I find Bauman and Briggs’ work salutary insomuch as it makes clear that Boas’s framing of things oversimplified the matter. And I find it perfectly reasonable to flip that back on them. Vis-a-vis Hunt’s background, I don’t quite understand how individual and social position stand in opposition to one another. In any case, there is plenty of work out there that suggests that complexity and hybridity are the everyday way of things in the Pacific Northwest, so Hunt’s might even be considered representative in that sense.

    Why Boas should have been expected to play up, much less mention, Hunt’s multiracial ancestry I do not know. Even outside of the context of Pacific Northwest social life that’s an odd comment coming from two authors who do seem to understand that a big part of Boas’s work was the uncoupling of the concepts of race, language, and culture.

    I honestly don’t know what I think about the book. The authors are clearly possessing of first rate intellects and rhetorical skills. I guess it hints of sophistry to me; whether in the classical sense of the term or the contemporary, I am unsure.

  2. Question: Is there anyone here, reading this post, who claims “anthropological authority”? I have known a variety of anthropologists over the last half century or so, and I cannot, for the life of me, recall any who claimed to possess authority because they were anthropologists. Outside of classrooms, any of them who stepped into a situation and said, “I am an anthropologist” in the same let-me-handle-this tone as a doctor might say, “I am a doctor” or a lawyer might say, “I am a lawyer” would have seemed ridiculous.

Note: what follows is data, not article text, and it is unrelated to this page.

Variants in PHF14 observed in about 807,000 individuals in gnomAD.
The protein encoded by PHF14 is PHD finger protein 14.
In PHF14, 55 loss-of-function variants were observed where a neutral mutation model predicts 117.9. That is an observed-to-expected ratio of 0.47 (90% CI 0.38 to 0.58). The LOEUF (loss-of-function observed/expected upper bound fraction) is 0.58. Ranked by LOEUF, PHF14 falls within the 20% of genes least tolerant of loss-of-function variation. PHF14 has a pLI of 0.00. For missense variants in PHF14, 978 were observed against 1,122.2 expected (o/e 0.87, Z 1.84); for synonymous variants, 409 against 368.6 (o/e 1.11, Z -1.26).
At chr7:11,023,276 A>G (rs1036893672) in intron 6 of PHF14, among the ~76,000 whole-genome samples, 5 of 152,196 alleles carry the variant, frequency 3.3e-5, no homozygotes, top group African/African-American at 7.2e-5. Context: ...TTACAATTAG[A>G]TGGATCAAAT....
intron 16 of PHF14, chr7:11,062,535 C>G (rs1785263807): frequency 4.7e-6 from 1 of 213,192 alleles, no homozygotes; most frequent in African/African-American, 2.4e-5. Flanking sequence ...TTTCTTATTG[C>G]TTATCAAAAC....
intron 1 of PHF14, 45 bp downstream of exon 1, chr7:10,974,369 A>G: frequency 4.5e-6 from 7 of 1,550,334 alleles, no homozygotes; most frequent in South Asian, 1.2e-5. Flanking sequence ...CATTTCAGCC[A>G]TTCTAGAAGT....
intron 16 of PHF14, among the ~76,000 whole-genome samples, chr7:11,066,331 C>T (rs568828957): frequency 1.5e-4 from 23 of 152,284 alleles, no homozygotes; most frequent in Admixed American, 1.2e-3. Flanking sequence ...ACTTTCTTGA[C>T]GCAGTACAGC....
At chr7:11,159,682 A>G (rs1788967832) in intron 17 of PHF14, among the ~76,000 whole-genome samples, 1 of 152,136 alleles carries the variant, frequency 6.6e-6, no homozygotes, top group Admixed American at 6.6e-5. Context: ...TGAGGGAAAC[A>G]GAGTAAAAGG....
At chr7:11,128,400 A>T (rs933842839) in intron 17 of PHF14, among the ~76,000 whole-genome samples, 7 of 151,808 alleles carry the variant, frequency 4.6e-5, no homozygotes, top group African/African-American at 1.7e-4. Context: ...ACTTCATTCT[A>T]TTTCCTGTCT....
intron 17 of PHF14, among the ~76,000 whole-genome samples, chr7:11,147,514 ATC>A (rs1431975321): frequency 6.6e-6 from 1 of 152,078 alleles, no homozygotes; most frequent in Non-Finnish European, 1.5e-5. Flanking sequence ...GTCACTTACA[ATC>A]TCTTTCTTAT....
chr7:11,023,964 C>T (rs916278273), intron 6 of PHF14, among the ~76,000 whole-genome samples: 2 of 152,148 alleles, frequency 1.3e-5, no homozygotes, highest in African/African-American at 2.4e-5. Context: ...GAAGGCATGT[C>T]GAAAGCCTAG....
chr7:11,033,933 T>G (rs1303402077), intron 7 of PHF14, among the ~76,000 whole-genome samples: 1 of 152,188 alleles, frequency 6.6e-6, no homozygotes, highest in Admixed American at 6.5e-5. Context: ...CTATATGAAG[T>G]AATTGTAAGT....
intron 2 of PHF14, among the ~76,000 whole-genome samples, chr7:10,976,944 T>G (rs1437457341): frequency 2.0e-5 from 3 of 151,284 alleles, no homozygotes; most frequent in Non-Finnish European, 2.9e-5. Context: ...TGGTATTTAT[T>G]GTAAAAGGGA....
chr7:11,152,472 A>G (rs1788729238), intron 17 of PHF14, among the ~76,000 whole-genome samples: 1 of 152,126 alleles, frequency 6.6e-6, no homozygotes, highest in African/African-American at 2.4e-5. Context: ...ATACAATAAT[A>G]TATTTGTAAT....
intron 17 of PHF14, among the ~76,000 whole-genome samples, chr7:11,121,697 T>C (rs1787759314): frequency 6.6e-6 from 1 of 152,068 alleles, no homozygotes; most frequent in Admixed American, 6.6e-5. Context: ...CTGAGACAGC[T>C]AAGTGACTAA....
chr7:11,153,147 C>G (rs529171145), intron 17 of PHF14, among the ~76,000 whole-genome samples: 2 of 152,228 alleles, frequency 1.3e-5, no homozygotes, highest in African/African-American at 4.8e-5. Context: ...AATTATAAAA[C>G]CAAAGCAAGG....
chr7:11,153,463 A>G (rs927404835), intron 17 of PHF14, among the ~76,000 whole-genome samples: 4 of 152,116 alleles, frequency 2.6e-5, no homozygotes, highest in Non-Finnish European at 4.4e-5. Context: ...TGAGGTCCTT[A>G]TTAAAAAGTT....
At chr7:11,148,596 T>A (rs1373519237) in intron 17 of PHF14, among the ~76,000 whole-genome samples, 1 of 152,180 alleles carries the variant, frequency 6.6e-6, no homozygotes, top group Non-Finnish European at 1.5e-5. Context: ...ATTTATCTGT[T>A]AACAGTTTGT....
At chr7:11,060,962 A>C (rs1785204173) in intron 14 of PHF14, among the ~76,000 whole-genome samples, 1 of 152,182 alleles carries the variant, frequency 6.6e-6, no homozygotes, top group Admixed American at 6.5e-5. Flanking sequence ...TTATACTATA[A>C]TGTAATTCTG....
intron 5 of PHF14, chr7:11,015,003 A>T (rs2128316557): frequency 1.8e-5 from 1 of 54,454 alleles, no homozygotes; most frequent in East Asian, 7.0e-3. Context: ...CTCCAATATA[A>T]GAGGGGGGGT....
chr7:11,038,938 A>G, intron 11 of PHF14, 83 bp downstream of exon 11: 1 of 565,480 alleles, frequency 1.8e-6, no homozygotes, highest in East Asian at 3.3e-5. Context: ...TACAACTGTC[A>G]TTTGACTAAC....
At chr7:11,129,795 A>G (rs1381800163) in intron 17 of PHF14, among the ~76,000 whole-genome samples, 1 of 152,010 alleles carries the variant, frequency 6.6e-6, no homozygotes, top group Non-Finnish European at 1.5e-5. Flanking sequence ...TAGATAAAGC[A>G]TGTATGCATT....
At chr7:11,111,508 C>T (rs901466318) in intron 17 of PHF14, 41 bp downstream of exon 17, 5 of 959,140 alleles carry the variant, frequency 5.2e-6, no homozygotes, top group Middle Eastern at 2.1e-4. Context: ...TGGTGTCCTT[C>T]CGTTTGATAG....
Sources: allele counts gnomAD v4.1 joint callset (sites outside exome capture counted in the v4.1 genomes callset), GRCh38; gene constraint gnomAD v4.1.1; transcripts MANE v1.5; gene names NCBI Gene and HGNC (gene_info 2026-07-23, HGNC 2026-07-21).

The material about Boas and Hunt is fascinating. But the reconstruction of texts as they are recorded, transcribed, translated, and edited for publication, then presented as an example of something traditional is hardly something that only anthropologists do. “To translate is to betray” is an old, old saw.

    What, then, concretely does “considering our practices of entextualization” do to improve anthropology? I could use some help here.

  3. John McCreery raises a bottom line question: “What, then, concretely does “considering our practices of entextualization” do to improve anthropology?” It seems to me that other than reminding us again that we are “authors” of “texts” (which Clifford Geertz explicated in Works and Lives), there is not much here to work with. I appreciate the thinking but I am exhausted by the prospect of another form of anthropological paralysis, in this case, the lack of complete verisimilitude that occurs in the process of translation.

  4. I find Bauman and Briggs’ work salutary insomuch as it makes clear that Boas’s framing of things oversimplified the matter.

    Come now. No finding is more routine. Every framing oversimplifies the matter under discussion.

    Why? Because, as Boas’ student Edward Sapir taught us in Language, this is a property of all human languages. We cannot speak in particulars, we always speak in concepts, and concepts as such always omit an infinite host of particulars. Thus, the critic who says an author failed to consider X, Y or Z has said nothing useful at all unless he or she can offer an alternative framing that includes accounting for the additional detail in question.

    Assume for the sake of argument that George Hunt provided Boas with erroneous translations of a biased sample of First Nations texts, which Boas then treated as exemplars of First Nation tradition. There are plainly questions to be asked. Does a closer, more careful reading with more turns of the hermeneutic cycle reveal issues that Boas missed? Are there alternative texts for comparison? Have First Nations representatives with alternative interpretations demanded to be heard? What axes, if any, do they — and Hunt before them —have to grind?. . . .

    That said, to “indict” a revered ancestor because he failed to be God Almighty and tell the whole truth, which no mere human can know—that seems to me intellectual hubris in the last throes of despair.